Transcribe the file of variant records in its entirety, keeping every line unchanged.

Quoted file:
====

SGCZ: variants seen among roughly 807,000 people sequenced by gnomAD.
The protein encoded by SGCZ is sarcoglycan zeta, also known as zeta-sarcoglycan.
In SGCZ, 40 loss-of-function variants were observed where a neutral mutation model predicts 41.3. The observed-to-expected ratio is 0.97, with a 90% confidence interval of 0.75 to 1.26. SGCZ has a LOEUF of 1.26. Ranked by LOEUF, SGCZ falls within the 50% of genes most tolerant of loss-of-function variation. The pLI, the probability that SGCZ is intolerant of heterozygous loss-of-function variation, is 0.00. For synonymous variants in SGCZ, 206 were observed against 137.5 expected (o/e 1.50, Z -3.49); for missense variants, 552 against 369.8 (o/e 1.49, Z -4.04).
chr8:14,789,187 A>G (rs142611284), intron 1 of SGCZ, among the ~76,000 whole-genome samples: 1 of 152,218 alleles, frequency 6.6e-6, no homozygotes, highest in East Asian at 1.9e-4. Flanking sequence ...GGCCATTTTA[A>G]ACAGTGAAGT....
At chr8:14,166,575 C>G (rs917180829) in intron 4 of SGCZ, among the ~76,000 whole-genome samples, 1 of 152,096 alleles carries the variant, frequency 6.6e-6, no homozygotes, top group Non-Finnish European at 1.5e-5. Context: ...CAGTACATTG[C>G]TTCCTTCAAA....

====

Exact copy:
SGCZ: variants seen among roughly 807,000 people sequenced by gnomAD.
The protein encoded by SGCZ is sarcoglycan zeta, also known as zeta-sarcoglycan.
In SGCZ, 40 loss-of-function variants were observed where a neutral mutation model predicts 41.3. The observed-to-expected ratio is 0.97, with a 90% confidence interval of 0.75 to 1.26. SGCZ has a LOEUF of 1.26. Ranked by LOEUF, SGCZ falls within the 50% of genes most tolerant of loss-of-function variation. The pLI, the probability that SGCZ is intolerant of heterozygous loss-of-function variation, is 0.00. For synonymous variants in SGCZ, 206 were observed against 137.5 expected (o/e 1.50, Z -3.49); for missense variants, 552 against 369.8 (o/e 1.49, Z -4.04).
chr8:14,789,187 A>G (rs142611284), intron 1 of SGCZ, among the ~76,000 whole-genome samples: 1 of 152,218 alleles, frequency 6.6e-6, no homozygotes, highest in East Asian at 1.9e-4. Flanking sequence ...GGCCATTTTA[A>G]ACAGTGAAGT....
At chr8:14,166,575 C>G (rs917180829) in intron 4 of SGCZ, among the ~76,000 whole-genome samples, 1 of 152,096 alleles carries the variant, frequency 6.6e-6, no homozygotes, top group Non-Finnish European at 1.5e-5. Context: ...CAGTACATTG[C>G]TTCCTTCAAA....